Greater Bay Area: Connectivity fostering innovation
2020-04-24 07:46 Minggao SHEN
From the Shenzhen Special Economic Zone to the Greater Bay Area:
a transition from high-speed growth to quality growth The Guangdong-Hong Kong-Macau Greater Bay Area (GBA) initiative marks a milestone as significant as the Special Economic Zone laid out in the early 1980s, and the Pudong New Area in the early 1990s. 2019-2035 will be a crucial period for China to shift its economy from rapid growth to high quality growth, from industrialization to modernization, and from a developing economy to an advanced one. The integration of the GBA is one of China’s major development strategies for the coming 15 years.
GBA lags behind world-class bay areas, but this suggests huge potential
A high-income economy is defined by the World Bank as a country with a gross national income per capita of over US$12,056. In 2017, the GBA had a higher GDP per capita of US$22,000, but this is just 40% of the Tokyo Bay Area, one fourth of the New York Bay Area, and one fifth of the San Francisco Bay Area.
Region could benefit from economies of scale and urbanization
The GBA has a population of nearly 70m, 1.6/3.4/8.9 times that in the Tokyo Bay Area/New York Bay Area/San Francisco Bay Area, which could mean it is able to benefit from substantial economies of scale. As seen in other countries, the higher the urbanization ratio, the more concentrated the population. In the US, 48% of the population live in the regions surrounding the top-three city clusters, while the ratio in China is just 28.3%. As such, the GBA is likely to see its population double in the future.
GBA strong in innovation upgrades and connectivity
Guangdong province has the world’s fifth largest manufacturing industry, making it the “factory of the world”. The province also enjoys leading advantages in terms of upgrading its manufacturing, with 14% of China’s engineers and 13.3% of China’s R&D investment in 2017, both higher than the proportion of its GDP during that year. In the GBA, openness and connectivity will mean reform and innovation. Going forward, well-controlled cross-border capital flows will be needed to meet the demand for global allocation of assets and resources.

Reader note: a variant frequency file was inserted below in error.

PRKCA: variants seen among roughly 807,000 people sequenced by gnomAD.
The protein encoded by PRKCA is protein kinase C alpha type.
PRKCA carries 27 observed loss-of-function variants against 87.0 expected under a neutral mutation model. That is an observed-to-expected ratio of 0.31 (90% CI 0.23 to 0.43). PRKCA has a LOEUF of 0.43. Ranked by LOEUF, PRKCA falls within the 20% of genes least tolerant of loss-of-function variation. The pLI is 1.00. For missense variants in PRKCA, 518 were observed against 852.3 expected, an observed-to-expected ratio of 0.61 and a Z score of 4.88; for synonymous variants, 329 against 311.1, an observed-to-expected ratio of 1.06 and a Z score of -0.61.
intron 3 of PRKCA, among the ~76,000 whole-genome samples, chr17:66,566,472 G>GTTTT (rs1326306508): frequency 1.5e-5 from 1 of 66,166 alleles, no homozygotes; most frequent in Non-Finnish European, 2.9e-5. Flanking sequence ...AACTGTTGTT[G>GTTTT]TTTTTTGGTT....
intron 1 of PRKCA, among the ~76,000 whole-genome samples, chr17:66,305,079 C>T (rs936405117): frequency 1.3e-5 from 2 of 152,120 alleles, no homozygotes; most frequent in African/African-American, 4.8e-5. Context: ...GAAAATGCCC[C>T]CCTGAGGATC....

Potential breeding ground for world-class companies, new trading hub and resource allocation platform
1) World-class enterprises are set to emerge in the area with the allocation of regional resources optimized via connectivity. Meanwhile, traditional competitive industries such as consumer, retail, healthcare and downstream manufacturing are likely to see higher concentrations. Midstream manufacturing could thrive on the back of economies of scale. Innovation upgrades and new business types could provide space for quality growth. 2) As China transfers its low-end manufacturing toward Southeast Asia, the GBA could rise as a new trading hub. 3) When the region develops its economy to a certain stage, cross-border capital and resource allocation will be required to make the GBA an important platform for global investment and asset management.
Risks Slower-than-expected progress for the initiative.